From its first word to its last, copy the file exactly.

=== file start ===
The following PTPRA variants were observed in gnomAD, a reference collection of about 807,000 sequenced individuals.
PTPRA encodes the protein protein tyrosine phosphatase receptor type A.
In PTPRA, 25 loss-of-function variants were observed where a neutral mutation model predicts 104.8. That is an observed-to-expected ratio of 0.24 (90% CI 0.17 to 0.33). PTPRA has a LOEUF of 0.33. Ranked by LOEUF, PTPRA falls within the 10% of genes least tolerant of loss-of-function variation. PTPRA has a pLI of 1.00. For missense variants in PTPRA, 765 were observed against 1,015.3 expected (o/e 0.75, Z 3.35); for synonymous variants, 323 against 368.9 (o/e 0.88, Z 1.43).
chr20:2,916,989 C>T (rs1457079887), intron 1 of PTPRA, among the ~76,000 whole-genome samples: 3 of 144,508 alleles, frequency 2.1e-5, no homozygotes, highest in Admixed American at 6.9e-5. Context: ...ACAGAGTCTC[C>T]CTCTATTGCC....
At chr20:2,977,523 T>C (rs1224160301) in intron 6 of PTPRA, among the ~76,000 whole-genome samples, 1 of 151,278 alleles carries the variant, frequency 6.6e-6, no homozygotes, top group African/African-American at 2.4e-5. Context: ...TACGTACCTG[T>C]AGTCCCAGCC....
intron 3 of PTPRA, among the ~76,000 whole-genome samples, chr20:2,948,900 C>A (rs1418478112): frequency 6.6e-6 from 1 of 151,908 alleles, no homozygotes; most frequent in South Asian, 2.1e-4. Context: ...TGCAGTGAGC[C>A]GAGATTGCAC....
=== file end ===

The following PTPRA variants were observed in gnomAD, a reference collection of about 807,000 sequenced individuals.
PTPRA encodes the protein protein tyrosine phosphatase receptor type A.
In PTPRA, 25 loss-of-function variants were observed where a neutral mutation model predicts 104.8. That is an observed-to-expected ratio of 0.24 (90% CI 0.17 to 0.33). PTPRA has a LOEUF of 0.33. Ranked by LOEUF, PTPRA falls within the 10% of genes least tolerant of loss-of-function variation. PTPRA has a pLI of 1.00. For missense variants in PTPRA, 765 were observed against 1,015.3 expected (o/e 0.75, Z 3.35); for synonymous variants, 323 against 368.9 (o/e 0.88, Z 1.43).
chr20:2,916,989 C>T (rs1457079887), intron 1 of PTPRA, among the ~76,000 whole-genome samples: 3 of 144,508 alleles, frequency 2.1e-5, no homozygotes, highest in Admixed American at 6.9e-5. Context: ...ACAGAGTCTC[C>T]CTCTATTGCC....
At chr20:2,977,523 T>C (rs1224160301) in intron 6 of PTPRA, among the ~76,000 whole-genome samples, 1 of 151,278 alleles carries the variant, frequency 6.6e-6, no homozygotes, top group African/African-American at 2.4e-5. Context: ...TACGTACCTG[T>C]AGTCCCAGCC....
intron 3 of PTPRA, among the ~76,000 whole-genome samples, chr20:2,948,900 C>A (rs1418478112): frequency 6.6e-6 from 1 of 151,908 alleles, no homozygotes; most frequent in South Asian, 2.1e-4. Context: ...TGCAGTGAGC[C>A]GAGATTGCAC....